Boskalis bolsters market position in subsea services through acquisition Rever Offshore
Boskalis announces the acquisition of all the shares of Rever Offshore’s subsea services business (‘...
SIMON BRETT, the port’s commercial director, explains the challenges and opportunities that lie ahead
Record breaking offshore developments and decommissioning infrastructure see the North Sea on the brink of an offshore revolution, as power generation shifts from oil and gas to renewables, so ports on the UK east coast have shown that facilities, skills and experience are readily transferable.
Rising to the challenge, the Port of Tyne in North East England has land readily available, deep-water, lock-free access and is closer than any other port to Dogger Bank, the site of potentially the world’s largest offshore wind farm.
Simon Brett, the port’s commercial director who started his career at the Crown Estate and led the Siemens Gamesa Green Port Hull project for Associated British Ports, knows all too well the challenges offshore manufacturers face in finding solutions to their operating and maintenance supply chain.
“The picture for offshore wind development is complex, efficiency is key and capacity must be matched by innovation and collaboration,” says Simon.
The Port of Tyne is championing collaboration through the UK’s first 2050 Maritime Innovation Hub, a partnership of organisations from maritime, logistics, technology and academia. It opened its doors at the Port of Tyne just last year, and is already focusing on a range of projects to advance maritime innovation from autonomous systems, AI, smart sensors, block-chain, and big data analytics.
Offshore wind manufacturers have hurdles to overcome, as Simon says: “The challenges of operating in a European market and the need to meet the requirement for 60% UK content mean strong partnerships with ports and others in a complex supply chain will be essential.”
UK east coast ports have played a vital role in servicing the offshore power sector for decades, from the earliest days of North Sea oil and gas in the 1960s to the emergence in the 2000s and rapid development of the wind power industry.
“Through our partnership in the 2050 Innovation Hub, Port of Tyne is already building a strong relationship with other UK ports including Teesport, but we believe that further collaboration between the UK and international ports will be the key to unlocking the potential of North Sea wind farms,” adds Simon.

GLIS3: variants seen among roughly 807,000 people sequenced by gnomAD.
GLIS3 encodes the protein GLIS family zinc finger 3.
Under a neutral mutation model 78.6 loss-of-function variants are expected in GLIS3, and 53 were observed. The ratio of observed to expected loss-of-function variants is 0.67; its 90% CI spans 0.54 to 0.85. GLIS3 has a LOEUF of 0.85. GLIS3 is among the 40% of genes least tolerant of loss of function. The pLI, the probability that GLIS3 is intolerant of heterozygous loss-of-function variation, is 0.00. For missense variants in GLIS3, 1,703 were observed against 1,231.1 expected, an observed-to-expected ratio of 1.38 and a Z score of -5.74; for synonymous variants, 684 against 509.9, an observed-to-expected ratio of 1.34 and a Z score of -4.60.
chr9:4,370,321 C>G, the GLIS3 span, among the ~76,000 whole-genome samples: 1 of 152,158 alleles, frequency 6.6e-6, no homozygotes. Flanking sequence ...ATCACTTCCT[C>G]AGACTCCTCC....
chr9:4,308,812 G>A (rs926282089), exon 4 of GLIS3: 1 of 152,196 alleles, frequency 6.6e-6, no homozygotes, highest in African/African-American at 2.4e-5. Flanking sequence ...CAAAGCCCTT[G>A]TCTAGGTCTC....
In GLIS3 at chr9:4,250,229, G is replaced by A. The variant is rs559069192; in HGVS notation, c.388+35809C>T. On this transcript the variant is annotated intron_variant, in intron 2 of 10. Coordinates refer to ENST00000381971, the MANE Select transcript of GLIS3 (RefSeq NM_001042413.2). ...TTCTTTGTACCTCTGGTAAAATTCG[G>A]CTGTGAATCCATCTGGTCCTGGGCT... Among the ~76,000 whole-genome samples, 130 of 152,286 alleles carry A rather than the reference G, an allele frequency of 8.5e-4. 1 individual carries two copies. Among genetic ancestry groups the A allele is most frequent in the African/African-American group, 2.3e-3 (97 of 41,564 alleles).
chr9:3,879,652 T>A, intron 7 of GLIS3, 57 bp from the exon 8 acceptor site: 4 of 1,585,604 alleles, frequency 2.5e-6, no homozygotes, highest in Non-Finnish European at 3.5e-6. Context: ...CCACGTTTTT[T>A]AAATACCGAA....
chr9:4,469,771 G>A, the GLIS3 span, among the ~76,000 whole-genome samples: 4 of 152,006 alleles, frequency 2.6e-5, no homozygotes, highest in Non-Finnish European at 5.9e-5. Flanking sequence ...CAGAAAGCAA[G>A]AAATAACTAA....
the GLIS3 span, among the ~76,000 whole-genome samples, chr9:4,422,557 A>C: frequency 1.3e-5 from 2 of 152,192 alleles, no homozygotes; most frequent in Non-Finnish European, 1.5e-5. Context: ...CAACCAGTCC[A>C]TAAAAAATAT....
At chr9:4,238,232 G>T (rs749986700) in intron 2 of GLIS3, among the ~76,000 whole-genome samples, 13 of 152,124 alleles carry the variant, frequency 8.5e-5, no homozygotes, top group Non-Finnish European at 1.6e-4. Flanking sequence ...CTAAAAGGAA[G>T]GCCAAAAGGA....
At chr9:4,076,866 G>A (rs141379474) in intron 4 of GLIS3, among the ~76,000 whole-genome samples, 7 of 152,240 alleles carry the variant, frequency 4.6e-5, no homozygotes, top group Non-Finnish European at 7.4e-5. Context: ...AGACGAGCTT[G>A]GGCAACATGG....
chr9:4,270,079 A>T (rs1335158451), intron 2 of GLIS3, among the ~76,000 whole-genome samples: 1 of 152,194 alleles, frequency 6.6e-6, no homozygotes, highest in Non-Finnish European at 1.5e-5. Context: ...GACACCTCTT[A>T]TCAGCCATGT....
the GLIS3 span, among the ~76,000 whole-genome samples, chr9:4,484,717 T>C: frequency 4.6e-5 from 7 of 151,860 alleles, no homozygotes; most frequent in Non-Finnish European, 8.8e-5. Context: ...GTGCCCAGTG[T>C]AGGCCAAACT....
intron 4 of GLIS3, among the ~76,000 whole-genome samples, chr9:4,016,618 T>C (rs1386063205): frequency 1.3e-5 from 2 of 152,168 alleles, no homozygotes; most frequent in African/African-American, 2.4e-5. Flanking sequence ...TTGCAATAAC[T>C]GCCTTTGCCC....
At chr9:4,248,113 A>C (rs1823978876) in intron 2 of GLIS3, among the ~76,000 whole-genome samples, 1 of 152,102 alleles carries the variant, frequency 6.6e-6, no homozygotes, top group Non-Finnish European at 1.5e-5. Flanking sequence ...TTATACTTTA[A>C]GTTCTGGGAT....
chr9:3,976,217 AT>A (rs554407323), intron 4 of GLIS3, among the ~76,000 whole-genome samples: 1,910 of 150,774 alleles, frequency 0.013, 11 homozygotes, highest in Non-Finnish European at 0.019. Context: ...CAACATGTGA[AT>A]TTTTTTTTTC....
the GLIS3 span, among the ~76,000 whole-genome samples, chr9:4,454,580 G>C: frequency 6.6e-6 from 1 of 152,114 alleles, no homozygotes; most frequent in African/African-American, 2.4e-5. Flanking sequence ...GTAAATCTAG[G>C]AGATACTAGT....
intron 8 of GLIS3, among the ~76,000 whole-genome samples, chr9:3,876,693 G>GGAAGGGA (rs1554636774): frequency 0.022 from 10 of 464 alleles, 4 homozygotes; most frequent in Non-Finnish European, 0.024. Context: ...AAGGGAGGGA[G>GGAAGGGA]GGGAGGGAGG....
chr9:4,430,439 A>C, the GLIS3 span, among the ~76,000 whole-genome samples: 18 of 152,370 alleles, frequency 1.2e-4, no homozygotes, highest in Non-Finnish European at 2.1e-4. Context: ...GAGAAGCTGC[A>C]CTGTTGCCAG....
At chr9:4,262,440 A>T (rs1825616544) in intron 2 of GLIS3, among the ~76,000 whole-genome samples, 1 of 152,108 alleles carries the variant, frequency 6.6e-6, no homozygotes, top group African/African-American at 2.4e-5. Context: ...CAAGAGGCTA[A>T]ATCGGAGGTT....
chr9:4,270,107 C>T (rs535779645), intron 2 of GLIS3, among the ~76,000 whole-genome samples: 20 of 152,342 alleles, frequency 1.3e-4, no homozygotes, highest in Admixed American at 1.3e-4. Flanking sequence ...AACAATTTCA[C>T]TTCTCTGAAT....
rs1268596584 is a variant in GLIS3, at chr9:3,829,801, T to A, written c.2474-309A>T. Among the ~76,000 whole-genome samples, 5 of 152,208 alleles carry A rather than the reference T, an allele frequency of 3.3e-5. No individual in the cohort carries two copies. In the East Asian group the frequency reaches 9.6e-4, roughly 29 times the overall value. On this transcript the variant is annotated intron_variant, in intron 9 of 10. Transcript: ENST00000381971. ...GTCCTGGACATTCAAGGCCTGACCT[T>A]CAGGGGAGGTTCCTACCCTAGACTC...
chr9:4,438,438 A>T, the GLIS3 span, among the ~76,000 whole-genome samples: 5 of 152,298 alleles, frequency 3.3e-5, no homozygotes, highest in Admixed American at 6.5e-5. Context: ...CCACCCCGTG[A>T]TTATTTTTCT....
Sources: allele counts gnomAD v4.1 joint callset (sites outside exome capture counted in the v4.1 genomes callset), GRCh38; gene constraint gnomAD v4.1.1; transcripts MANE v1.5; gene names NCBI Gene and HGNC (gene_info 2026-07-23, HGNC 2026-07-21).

Significantly, ports that have always been competitors are working together, setting aside their commercial issues and recognising that much more can be achieved through collaboration. Rather than competing against each other to everyone’s disadvantage, ports can work together and offer collaborative solutions to offshore companies.
Thinking differently is certainly something that the Port of Tyne is quickly becoming known for. Recently launching its Tyne 2050 strategy, which is aligned close to the UK Governments Maritime 2050 plan, the Port aims to drive further transformation in the ports and maritime sector. Amongst its ambitions, the Port of Tyne is looking at the opportunity to create a ‘green tariff’ for low-emission vessels, future-proofing port technology and creating an all-electric port.
In addition to innovation and efficiency, almost a prerequisite for most offshore manufacturers is the need for substantial hinterland alongside deep-water. Deep-water and easy access is a key component to manufacture, assemble, store, load and offload giant turbines, blades and towers.
The Port of Tyne has been busy redeveloping 30 ha of reusable land to extend Tyne Dock Enterprise Park, creating 75 ha of development land with 10.5 metres of water alongside lock-free access. Adjoining this site are 13.5 metre deep-water berths and a well-connected mature logistics infrastructure in and around the Port of Tyne. Major infrastructure development and river dredging enables 83% of the world’s largest cargo ships to be accommodated at the Port of Tyne, making it ideally placed to become a major hub for the manufacture and maintenance of vessels and equipment to service the emerging offshore supply chain.
Undoubtedly one of the many advantages gained from North East England’s long tradition of shipbuilding and heavy engineering and its wealth of experience in the oil and gas industry sees an already thriving offshore cluster, based on Tyneside. With a number of subsea support businesses, including Smulders Projects UK, Technip, Duco, SMD, Wellstream, Bridon Ropes, A&P Tyne, Bibby Offshore and Maersk Training based close to the Port of Tyne. Nearby specialist industrial research and academic centres offer renowned research and development capabilities.
Narec, the National Renewable Energy Centre, offers open-access testing facilities and expertise for offshore wind.
Five universities and a number of further education colleges are located in the area, offering industry-relevant courses, training and qualifications aimed at delivering a world-class labour force for the offshore wind sector.
“The opportunity presented by offshore wind is multifarious, it’s huge but by working together to provide the right combinations of research, innovation, collaboration and proactive support to suppliers, shippers and developers we can provide the right environment for this bourgeoning industry to flourish and grow,” says Simon.
Unlocking the opportunities in the offshore wind supply chain and renewal energy markets has the potential to see the Port of Tyne’s economic impact increase significantly in the future – until then the combined impact of the Port’s operating activities supports 12,000 jobs and adds £621m to the regional economy each year.